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A TALE OF TWO ENGLANDS:
THE CRIMSON PETAL AND THE WHITE /
DOWNTON ABBEY

 

 

By Melynda Nuss

LOS ANGELES, 30 NOVEMBER 2012 — It would be difficult to imagine two views of England more different than Downton Abbey and The Crimson Petal and the White. Downton sweeps over green lawns and honeystone castles, through busy basements with servants in starched white aprons and garden parties with ladies in shades of pastel. The Crimson Petal hurries through grimy streets fully of dingy nooks. Even the upper class live in dark houses full of winding staircases; adventurous souls who venture to the slums risk a horrifying death. Neglected children peer out of doorways; drunks cackle from below. It seems worlds away from the streets and sitting rooms of Downton.

Both series, though, concern themselves with liberation — and specifically female liberation. In Downton (PBS), the enemy is the entail —  a form of inheritance, now long gone, in which a piece of land passes to the nearest male heir. In Downton that means that the selfish but highly capable oldest daughter Mary, her two younger sisters, their mother, and their grandmother (a dowager countess) are all at the mercy of a bicycle-riding progressive lawyer from the provinces, who dresses himself without the aid of servants and sniffs at the family’s privilege and tradition.


Michelle Dockery as Lady Mary Crawley and 
Dan Stevens as Matthew Crawley in Downton Abbey

This heir, Matthew, is not the only way that modern life intrudes. Robert, the earl of Grantham, has married an American wife. His daughter Mary challenges the entail. The youngest daughter, Sybil, falls in with the family’s socialist chauffeur and enlists as a nurse in the war. Even the Dowager Countess, masterfully played by Maggie Smith, occasionally allies with the younger girls and their modern American ways — when it suits her interests.


Maggie Smith as Violet, Dowager Countess of Grantham in Downton Abbey

But if you like the gutsy ladies of Downton Abbey, you will love Sugar, the heroine of The Crimson Petal and the White. She’s part con man and part avenging angel — imagine Becky Sharp in a corset with a knife. When we meet her she has risen to become the star attraction of Mrs. Castaway’s brothel. She charms men by night, and by day writes a novel of revenge fantasies where she tortures the men who have stolen her innocence. One of the men who falls under her spell is William Rackham, the heir to a perfume fortune, who is unsuccessfully trying to establish himself as a Victorian sage on a par with Matthew Arnold. Inspired by Sugar, he turns his creativity back into the business; she eventually becomes his companion, lover and friend. Transported into Rackham’s house as a servant, she observes the full panoply of women’s oppression. Rackham’s wife Agnes (the very image of a Rosetti portrait) has gone mad and is likely being raped by her psychiatrist; Rackham’s daughter Sophie has been abandoned by her parents and left with an overly- strict governess. From her relatively privileged position, Sugar becomes a guardian angel to the women of the Rackham household and a few of her old friends, breathing life into women who had assumed their roles as household furniture.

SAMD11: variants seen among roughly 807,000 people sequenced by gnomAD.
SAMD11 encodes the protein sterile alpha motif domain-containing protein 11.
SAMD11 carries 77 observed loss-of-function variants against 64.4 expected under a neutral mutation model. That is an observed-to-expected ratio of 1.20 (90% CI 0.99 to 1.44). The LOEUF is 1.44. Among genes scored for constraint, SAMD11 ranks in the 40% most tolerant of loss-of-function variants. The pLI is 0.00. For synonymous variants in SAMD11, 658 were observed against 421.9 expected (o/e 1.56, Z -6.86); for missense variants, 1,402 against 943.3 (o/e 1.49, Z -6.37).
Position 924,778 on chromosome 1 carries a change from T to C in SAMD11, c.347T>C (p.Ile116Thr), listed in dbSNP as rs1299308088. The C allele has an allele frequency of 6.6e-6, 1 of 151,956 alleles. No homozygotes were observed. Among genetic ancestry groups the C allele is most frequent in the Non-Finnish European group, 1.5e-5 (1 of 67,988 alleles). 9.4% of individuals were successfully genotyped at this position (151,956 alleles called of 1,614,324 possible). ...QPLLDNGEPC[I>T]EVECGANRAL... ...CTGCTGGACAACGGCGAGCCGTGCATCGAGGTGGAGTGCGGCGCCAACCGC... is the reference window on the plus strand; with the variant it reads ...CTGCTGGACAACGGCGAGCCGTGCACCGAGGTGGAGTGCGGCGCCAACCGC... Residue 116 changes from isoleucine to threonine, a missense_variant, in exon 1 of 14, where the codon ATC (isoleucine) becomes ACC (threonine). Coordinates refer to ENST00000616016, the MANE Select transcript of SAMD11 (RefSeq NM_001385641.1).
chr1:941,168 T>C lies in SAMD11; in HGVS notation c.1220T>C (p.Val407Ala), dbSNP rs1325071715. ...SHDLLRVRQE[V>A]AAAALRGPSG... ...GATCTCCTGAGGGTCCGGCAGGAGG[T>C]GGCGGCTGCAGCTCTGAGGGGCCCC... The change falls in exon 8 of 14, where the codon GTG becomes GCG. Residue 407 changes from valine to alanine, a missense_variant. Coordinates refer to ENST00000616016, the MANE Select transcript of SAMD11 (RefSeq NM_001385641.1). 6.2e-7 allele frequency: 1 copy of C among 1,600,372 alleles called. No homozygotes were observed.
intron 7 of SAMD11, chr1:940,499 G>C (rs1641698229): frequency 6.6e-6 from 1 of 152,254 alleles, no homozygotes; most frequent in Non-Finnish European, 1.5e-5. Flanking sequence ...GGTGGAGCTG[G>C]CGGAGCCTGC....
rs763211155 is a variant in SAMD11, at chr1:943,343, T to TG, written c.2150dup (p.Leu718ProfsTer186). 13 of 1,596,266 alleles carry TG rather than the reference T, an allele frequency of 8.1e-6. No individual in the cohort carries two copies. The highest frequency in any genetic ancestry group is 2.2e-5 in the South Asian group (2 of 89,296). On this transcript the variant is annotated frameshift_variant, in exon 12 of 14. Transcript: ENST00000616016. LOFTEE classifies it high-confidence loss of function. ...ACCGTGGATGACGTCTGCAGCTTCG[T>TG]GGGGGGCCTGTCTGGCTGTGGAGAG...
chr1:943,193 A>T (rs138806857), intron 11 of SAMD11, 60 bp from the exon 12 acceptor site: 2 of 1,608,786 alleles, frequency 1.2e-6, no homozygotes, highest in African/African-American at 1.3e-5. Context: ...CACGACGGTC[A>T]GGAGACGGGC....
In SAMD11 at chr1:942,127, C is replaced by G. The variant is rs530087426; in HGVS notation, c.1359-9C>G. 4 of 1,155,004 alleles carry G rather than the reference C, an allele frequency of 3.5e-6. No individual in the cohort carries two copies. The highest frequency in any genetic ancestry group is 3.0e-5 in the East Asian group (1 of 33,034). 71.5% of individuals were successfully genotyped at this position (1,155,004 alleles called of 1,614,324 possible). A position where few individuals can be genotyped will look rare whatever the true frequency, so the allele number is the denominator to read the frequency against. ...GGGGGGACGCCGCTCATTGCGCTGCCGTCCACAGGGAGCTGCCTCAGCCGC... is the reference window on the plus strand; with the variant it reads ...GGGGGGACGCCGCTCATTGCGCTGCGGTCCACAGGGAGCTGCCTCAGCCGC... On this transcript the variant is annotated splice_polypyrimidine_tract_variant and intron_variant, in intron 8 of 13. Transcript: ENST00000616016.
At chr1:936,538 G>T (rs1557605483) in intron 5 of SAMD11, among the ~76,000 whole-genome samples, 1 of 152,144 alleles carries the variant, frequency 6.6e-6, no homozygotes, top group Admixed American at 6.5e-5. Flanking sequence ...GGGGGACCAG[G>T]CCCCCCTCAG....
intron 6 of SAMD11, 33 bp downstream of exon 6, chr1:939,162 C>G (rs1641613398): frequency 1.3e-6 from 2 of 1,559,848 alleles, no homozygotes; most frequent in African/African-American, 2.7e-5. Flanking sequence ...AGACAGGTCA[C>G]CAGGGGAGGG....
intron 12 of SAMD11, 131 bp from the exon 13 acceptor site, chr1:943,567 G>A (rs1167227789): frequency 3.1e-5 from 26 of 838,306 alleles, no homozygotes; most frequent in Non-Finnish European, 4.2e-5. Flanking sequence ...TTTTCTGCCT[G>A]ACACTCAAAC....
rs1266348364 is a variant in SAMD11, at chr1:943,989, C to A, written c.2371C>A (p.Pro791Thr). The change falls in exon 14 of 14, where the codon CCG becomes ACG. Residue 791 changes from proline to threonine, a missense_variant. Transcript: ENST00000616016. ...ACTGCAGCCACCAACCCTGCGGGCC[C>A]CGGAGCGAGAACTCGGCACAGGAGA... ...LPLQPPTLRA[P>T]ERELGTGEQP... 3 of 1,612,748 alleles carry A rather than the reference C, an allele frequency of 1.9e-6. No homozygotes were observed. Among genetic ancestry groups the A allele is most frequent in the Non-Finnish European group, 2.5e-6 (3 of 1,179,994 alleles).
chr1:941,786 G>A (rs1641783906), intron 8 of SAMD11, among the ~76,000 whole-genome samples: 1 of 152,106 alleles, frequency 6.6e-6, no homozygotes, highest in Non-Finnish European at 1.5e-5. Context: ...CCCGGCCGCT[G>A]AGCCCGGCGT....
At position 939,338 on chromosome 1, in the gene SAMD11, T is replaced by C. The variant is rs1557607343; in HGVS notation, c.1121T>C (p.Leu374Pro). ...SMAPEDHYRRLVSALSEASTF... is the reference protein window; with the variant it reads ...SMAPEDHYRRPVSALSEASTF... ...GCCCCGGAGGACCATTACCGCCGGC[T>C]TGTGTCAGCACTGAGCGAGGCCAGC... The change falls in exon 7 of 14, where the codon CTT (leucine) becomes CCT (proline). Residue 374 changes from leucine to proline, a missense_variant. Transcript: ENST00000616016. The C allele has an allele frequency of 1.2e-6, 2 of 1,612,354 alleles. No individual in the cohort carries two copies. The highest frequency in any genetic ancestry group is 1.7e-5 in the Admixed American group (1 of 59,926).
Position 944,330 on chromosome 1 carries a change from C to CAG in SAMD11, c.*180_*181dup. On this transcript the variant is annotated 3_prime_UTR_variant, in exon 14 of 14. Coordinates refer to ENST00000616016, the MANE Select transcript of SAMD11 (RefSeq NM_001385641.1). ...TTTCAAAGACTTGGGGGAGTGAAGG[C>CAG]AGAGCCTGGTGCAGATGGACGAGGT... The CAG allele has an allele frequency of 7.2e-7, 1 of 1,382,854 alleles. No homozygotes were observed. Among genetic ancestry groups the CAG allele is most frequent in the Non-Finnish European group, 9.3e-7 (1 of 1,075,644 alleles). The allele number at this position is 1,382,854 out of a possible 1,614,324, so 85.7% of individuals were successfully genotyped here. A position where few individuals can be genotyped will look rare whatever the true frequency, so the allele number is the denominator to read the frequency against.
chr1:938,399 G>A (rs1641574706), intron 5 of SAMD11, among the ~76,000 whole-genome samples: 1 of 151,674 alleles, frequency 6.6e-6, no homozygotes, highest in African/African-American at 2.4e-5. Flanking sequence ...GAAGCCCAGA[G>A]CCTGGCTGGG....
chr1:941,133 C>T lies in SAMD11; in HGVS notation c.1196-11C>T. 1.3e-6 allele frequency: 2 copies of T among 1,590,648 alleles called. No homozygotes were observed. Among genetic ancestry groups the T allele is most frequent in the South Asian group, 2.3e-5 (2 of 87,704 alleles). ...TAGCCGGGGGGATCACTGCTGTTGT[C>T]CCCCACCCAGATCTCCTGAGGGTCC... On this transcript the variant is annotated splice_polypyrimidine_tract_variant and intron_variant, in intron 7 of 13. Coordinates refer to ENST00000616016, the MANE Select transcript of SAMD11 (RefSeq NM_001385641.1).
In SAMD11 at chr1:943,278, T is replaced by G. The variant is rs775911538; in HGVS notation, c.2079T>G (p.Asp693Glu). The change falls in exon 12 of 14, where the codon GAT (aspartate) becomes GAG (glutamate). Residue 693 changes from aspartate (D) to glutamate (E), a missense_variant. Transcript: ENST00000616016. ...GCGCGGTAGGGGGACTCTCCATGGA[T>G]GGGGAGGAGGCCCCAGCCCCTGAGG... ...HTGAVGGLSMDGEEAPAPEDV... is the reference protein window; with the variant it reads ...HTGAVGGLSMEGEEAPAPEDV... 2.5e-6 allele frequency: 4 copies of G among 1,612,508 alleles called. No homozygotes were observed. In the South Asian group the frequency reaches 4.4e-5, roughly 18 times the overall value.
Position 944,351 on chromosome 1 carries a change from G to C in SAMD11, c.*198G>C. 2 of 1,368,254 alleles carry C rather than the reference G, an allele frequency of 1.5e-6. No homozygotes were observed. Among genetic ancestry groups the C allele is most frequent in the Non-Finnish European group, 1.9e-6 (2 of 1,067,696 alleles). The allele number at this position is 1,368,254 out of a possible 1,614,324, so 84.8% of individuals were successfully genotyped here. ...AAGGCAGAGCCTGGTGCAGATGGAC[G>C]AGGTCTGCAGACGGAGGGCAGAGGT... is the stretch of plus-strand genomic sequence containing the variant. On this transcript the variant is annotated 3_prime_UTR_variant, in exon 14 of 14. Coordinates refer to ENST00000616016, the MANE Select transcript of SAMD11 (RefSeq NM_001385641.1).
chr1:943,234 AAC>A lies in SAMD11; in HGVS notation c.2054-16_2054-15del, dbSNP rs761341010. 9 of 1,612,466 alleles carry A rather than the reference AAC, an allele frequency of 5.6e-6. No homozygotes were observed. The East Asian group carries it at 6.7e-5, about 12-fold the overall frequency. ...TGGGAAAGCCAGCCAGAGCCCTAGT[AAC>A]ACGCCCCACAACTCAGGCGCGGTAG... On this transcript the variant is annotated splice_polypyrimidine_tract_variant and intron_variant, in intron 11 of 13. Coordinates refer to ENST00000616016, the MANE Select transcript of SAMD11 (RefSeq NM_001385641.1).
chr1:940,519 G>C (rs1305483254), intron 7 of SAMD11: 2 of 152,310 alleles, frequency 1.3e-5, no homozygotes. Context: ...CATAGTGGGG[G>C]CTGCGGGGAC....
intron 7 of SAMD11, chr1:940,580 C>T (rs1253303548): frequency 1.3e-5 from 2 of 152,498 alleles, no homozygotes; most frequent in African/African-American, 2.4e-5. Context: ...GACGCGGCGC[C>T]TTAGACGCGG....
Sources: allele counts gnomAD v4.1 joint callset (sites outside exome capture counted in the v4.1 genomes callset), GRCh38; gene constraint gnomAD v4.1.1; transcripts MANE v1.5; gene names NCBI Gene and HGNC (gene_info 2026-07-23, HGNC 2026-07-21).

Romola Garai (Sugar) and Chris O'Dowd (William) star in 
The Crimson Petal and The White.
©BBC/Acorn
.

The series’ dispositions —  sunny or goth — depend on the attitudes of the men in them. Hugh Bonneville presides with benevolent disposition over the dramas at Downton Abbey, managing no more than a shrug and a wrinkled forehead when his daughter shows up in Arabian pants or a Turkish guest turns up dead in the bedroom. Modernity may be trying, but with Lord Grantham in charge everything will eventually turn out all right. Not so in the Crimson Petal and the White, where parents are alternately punishing and neglectful, and the atmosphere pulsates with moody electronica.
Although there are some moments of relief, they only collapse into betrayal. It is always a mistake to put away one’s revenge novel.


Maggie Smith as Violet, Dowager Countess of Grantham,
Hugh Bonneville as Robert Crawley, Earl of Grantham
 and Jessica Brown-Findla as Lady Sybil Crawley in
Downton Abbey

The two series provide an interesting set of bookends on our century’s love of the British Victorian. In some ways tradition is a relief. It is always fun to rebel against a safe father, with a wide eyed dowager countess on hand to establish the strict standards of outraged propriety. How wonderful to live in a world so set and so disciplined, even though we know that we are currently engaged in ripping it up.

And how good, on the other side, to see the blood, the sweat and the grime that we are leaving, and to see the knife rip the throat that oppresses us. "Look how awful things were back then," we tell ourselves. "Surely they must be better now."

Melynda Nuss is a writer and an Associate Professor of Romantic Literature and Drama at the University of Texas - Pan American.  A regular contributor to Culturekiosque, she last reviewed the film Beasts of the Southern Wild.

Headline image: Romola Garai (Sugar) stars in The Crimson Petal and The White.
©BBC/Acorn
.


The Crimson Petal and The White Flower 
Starring Romola Garai, Chris O'Dowd, Amanda Hale, Shirley Henderson, Gillian Anderson
Marc Munden, director
Acorn Media
DVD Release: 25 September 2012
2 discs

Downton Abbey, Season 3 returns with guest star Shirley MacLaine on 6 January 2013 on PBS Masterpiece Classic.

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